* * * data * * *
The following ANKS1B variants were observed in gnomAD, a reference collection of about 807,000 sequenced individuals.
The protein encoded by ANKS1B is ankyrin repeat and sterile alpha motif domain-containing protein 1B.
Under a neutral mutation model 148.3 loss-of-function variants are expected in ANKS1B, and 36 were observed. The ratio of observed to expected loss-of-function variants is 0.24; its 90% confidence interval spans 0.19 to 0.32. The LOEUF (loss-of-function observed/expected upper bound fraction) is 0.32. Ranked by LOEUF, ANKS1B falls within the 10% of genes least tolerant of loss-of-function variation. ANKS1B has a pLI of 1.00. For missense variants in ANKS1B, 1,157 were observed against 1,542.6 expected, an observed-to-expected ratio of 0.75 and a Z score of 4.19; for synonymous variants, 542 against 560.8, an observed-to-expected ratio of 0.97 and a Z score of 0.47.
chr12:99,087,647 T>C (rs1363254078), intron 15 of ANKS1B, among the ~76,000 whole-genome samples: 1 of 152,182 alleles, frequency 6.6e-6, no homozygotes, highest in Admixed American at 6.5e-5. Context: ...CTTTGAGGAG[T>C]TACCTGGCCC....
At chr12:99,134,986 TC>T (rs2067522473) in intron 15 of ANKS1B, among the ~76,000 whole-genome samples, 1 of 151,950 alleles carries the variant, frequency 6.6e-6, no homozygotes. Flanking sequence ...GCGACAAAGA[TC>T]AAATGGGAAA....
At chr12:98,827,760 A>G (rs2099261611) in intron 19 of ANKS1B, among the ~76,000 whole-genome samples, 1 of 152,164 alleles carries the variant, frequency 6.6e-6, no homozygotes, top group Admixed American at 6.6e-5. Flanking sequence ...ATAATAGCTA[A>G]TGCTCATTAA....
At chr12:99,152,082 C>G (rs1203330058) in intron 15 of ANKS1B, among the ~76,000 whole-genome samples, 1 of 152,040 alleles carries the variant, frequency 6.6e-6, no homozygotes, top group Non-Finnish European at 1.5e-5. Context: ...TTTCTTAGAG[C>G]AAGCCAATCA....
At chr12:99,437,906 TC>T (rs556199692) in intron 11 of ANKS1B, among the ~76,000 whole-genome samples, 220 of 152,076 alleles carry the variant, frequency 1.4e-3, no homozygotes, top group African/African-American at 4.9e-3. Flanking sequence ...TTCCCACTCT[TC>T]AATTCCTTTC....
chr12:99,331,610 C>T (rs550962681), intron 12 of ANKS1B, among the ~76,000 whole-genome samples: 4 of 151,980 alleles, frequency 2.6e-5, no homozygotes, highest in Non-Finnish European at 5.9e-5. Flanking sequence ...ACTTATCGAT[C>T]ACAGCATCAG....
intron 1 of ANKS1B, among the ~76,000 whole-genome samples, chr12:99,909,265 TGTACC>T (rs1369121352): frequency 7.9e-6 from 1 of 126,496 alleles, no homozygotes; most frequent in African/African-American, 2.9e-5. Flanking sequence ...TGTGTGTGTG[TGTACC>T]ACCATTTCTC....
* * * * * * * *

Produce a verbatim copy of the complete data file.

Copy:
The following ANKS1B variants were observed in gnomAD, a reference collection of about 807,000 sequenced individuals.
The protein encoded by ANKS1B is ankyrin repeat and sterile alpha motif domain-containing protein 1B.
Under a neutral mutation model 148.3 loss-of-function variants are expected in ANKS1B, and 36 were observed. The ratio of observed to expected loss-of-function variants is 0.24; its 90% confidence interval spans 0.19 to 0.32. The LOEUF (loss-of-function observed/expected upper bound fraction) is 0.32. Ranked by LOEUF, ANKS1B falls within the 10% of genes least tolerant of loss-of-function variation. ANKS1B has a pLI of 1.00. For missense variants in ANKS1B, 1,157 were observed against 1,542.6 expected, an observed-to-expected ratio of 0.75 and a Z score of 4.19; for synonymous variants, 542 against 560.8, an observed-to-expected ratio of 0.97 and a Z score of 0.47.
chr12:99,087,647 T>C (rs1363254078), intron 15 of ANKS1B, among the ~76,000 whole-genome samples: 1 of 152,182 alleles, frequency 6.6e-6, no homozygotes, highest in Admixed American at 6.5e-5. Context: ...CTTTGAGGAG[T>C]TACCTGGCCC....
At chr12:99,134,986 TC>T (rs2067522473) in intron 15 of ANKS1B, among the ~76,000 whole-genome samples, 1 of 151,950 alleles carries the variant, frequency 6.6e-6, no homozygotes. Flanking sequence ...GCGACAAAGA[TC>T]AAATGGGAAA....
At chr12:98,827,760 A>G (rs2099261611) in intron 19 of ANKS1B, among the ~76,000 whole-genome samples, 1 of 152,164 alleles carries the variant, frequency 6.6e-6, no homozygotes, top group Admixed American at 6.6e-5. Flanking sequence ...ATAATAGCTA[A>G]TGCTCATTAA....
At chr12:99,152,082 C>G (rs1203330058) in intron 15 of ANKS1B, among the ~76,000 whole-genome samples, 1 of 152,040 alleles carries the variant, frequency 6.6e-6, no homozygotes, top group Non-Finnish European at 1.5e-5. Context: ...TTTCTTAGAG[C>G]AAGCCAATCA....
At chr12:99,437,906 TC>T (rs556199692) in intron 11 of ANKS1B, among the ~76,000 whole-genome samples, 220 of 152,076 alleles carry the variant, frequency 1.4e-3, no homozygotes, top group African/African-American at 4.9e-3. Flanking sequence ...TTCCCACTCT[TC>T]AATTCCTTTC....
chr12:99,331,610 C>T (rs550962681), intron 12 of ANKS1B, among the ~76,000 whole-genome samples: 4 of 151,980 alleles, frequency 2.6e-5, no homozygotes, highest in Non-Finnish European at 5.9e-5. Flanking sequence ...ACTTATCGAT[C>T]ACAGCATCAG....
intron 1 of ANKS1B, among the ~76,000 whole-genome samples, chr12:99,909,265 TGTACC>T (rs1369121352): frequency 7.9e-6 from 1 of 126,496 alleles, no homozygotes; most frequent in African/African-American, 2.9e-5. Flanking sequence ...TGTGTGTGTG[TGTACC>T]ACCATTTCTC....